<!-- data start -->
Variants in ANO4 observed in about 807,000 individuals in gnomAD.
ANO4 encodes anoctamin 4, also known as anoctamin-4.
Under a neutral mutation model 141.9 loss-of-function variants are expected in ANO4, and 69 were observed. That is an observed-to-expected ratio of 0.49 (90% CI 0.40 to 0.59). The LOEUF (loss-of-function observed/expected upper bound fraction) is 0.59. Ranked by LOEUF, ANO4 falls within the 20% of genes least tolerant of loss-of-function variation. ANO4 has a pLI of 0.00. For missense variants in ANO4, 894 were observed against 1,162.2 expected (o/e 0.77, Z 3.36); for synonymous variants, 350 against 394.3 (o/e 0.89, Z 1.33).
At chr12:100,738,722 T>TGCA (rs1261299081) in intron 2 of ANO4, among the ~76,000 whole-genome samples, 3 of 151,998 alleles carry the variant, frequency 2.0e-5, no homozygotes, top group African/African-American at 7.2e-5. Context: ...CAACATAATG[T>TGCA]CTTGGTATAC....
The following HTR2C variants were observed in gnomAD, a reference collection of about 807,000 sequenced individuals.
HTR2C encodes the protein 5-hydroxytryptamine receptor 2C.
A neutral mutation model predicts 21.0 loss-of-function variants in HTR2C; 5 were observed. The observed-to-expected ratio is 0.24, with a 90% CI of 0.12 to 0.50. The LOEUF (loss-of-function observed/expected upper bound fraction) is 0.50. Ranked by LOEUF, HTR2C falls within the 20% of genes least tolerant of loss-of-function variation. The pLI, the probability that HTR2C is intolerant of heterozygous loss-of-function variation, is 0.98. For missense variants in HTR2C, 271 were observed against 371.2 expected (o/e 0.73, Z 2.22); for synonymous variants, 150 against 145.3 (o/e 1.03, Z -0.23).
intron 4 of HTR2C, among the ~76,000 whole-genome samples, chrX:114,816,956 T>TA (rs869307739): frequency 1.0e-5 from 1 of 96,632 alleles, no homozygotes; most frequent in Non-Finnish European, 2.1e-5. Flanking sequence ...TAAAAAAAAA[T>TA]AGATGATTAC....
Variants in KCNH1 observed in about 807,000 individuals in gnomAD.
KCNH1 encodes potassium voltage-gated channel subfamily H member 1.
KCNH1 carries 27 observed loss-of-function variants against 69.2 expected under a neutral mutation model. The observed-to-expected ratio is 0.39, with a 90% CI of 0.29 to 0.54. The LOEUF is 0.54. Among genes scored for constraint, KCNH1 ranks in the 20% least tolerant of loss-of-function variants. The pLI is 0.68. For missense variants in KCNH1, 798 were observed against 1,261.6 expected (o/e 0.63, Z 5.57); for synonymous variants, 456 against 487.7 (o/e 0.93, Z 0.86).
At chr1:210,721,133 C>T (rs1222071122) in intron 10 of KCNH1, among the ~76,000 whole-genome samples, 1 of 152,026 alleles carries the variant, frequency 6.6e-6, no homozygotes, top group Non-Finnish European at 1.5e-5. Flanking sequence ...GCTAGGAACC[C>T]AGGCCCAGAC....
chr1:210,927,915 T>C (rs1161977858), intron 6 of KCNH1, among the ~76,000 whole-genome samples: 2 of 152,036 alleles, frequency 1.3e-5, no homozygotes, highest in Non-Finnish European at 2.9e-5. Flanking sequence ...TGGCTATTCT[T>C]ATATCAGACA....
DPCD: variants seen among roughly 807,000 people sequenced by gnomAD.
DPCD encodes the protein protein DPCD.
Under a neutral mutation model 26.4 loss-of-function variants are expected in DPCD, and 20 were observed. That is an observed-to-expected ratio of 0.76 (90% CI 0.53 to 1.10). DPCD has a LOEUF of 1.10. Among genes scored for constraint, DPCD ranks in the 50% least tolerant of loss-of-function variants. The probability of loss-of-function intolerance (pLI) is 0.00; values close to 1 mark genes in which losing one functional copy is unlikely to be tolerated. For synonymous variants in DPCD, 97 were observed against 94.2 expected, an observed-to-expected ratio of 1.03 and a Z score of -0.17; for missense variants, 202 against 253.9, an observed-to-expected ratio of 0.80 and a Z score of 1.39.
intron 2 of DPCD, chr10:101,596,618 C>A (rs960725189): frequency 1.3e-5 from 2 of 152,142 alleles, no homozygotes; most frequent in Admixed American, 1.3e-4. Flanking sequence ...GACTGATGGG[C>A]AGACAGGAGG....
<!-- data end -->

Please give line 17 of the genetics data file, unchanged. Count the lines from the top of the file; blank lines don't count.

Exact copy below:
intron 2 of DPCD, chr10:101,596,618 C>A (rs960725189): frequency 1.3e-5 from 2 of 152,142 alleles, no homozygotes; most frequent in Admixed American, 1.3e-4. Flanking sequence ...GACTGATGGG[C>A]AGACAGGAGG....